10:39am – As Washington’s COVID outbreak continues to escalate, the state could soon be facing some tough choices regarding what to close. Georgetown University virologist Dr. Angela Rasmussen, though, suggests that closing businesses like restaurants, bars, and gyms could be a viable trade-off for getting schools fully reopened. Read more.
8:17am – Peninsula School District kindergartners and first graders are back in class now that rapid COVID testing is being done at all schools. No students or staff tested positive on day one.
While 80% of students in the district are still learning remotely, the hope is to bring as many kids back to school as possible when it’s safe to do so. The Tacoma-Pierce County Health Department used federal funds to set up the testing program, and it will continue as long as the money doesn’t run out.
5:53am – The current restrictions on travel to and from Canada expire in three weeks, but are not likely to be lifted at the end of the month. Canadian Prime Minister Justin Trudeau says border rules will not be changed until the coronavirus is “significantly more under control” around the world.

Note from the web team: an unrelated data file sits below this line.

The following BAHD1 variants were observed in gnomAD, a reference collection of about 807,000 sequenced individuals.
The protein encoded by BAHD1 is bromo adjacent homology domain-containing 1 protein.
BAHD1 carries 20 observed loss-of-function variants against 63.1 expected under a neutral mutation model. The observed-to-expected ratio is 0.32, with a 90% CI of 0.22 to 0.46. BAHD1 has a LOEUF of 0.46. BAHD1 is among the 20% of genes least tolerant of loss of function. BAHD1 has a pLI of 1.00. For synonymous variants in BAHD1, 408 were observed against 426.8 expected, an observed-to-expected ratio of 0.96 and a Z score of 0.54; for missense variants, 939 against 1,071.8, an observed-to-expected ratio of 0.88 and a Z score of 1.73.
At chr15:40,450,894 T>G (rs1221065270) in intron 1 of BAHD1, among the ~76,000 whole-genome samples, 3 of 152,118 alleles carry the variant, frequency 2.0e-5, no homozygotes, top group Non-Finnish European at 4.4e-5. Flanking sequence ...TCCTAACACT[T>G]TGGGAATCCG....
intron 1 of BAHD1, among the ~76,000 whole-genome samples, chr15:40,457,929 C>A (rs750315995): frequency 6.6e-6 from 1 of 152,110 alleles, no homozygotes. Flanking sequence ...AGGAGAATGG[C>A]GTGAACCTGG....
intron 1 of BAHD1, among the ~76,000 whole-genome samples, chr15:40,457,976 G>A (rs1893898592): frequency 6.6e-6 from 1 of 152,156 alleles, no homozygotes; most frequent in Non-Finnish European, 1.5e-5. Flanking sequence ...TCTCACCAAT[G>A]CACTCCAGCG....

Canada and the United States have limited border crossings to essential travel only since March, with the restrictions extended each month since then.
Tuesday, Dec. 1
4:18pm – The Washington Department of Health is now reporting 167,216 total COVID-19 cases since the start of the pandemic, as well as 2,805 deaths. That makes for a single day increase of 2,197 cases and 31 deaths.
3:07pm – On Monday, Gov. Jay Inslee announced that the planning process for distributing an eventual COVID-19 vaccine had begun. Further details were released Tuesday by state health officials, including who will likely receive the vaccine first. Read more.
1:36pm – At the start of the pandemic in March, a quarantine site housed in a former Econo Lodge motel in Kent for King County’s homeless population found itself at the center of frequent controversy. With the site set to operate fully once again, the city’s mayor, Dana Ralph, feels confident that those problems can be avoided this time around. Read more.
12:12pm – Applications for the state’s next round of COVID-19 small business grants open this week.
“If you know of a small business that has been heavily impacted by COVID — a restaurant, your favorite music venue, your local bowling alley — please tell them to visit commerce.wa.gov/bizgrants,” Gov. Inslee said.
The governor has set aside $50 million for this round, and grants can be up to $20,000 apiece. Small businesses that had revenues of less than $5 million last year will be prioritized, as will businesses from sectors hit hardest by the restrictions.